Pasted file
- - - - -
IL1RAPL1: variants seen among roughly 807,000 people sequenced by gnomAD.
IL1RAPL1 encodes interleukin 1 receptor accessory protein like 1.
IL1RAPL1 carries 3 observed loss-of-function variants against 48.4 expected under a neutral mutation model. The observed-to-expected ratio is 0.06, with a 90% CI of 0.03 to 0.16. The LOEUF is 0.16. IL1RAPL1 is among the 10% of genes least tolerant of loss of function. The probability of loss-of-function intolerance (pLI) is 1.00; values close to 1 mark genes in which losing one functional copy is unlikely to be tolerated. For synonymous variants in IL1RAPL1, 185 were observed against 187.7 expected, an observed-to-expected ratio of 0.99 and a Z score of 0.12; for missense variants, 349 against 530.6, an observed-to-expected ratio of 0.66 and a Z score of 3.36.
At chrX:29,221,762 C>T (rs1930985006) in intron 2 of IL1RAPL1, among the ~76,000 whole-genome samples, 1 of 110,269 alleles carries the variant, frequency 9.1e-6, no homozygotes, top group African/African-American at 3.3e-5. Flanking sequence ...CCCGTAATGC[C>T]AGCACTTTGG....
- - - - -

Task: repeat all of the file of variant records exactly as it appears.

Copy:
IL1RAPL1: variants seen among roughly 807,000 people sequenced by gnomAD.
IL1RAPL1 encodes interleukin 1 receptor accessory protein like 1.
IL1RAPL1 carries 3 observed loss-of-function variants against 48.4 expected under a neutral mutation model. The observed-to-expected ratio is 0.06, with a 90% CI of 0.03 to 0.16. The LOEUF is 0.16. IL1RAPL1 is among the 10% of genes least tolerant of loss of function. The probability of loss-of-function intolerance (pLI) is 1.00; values close to 1 mark genes in which losing one functional copy is unlikely to be tolerated. For synonymous variants in IL1RAPL1, 185 were observed against 187.7 expected, an observed-to-expected ratio of 0.99 and a Z score of 0.12; for missense variants, 349 against 530.6, an observed-to-expected ratio of 0.66 and a Z score of 3.36.
At chrX:29,221,762 C>T (rs1930985006) in intron 2 of IL1RAPL1, among the ~76,000 whole-genome samples, 1 of 110,269 alleles carries the variant, frequency 9.1e-6, no homozygotes, top group African/African-American at 3.3e-5. Flanking sequence ...CCCGTAATGC[C>T]AGCACTTTGG....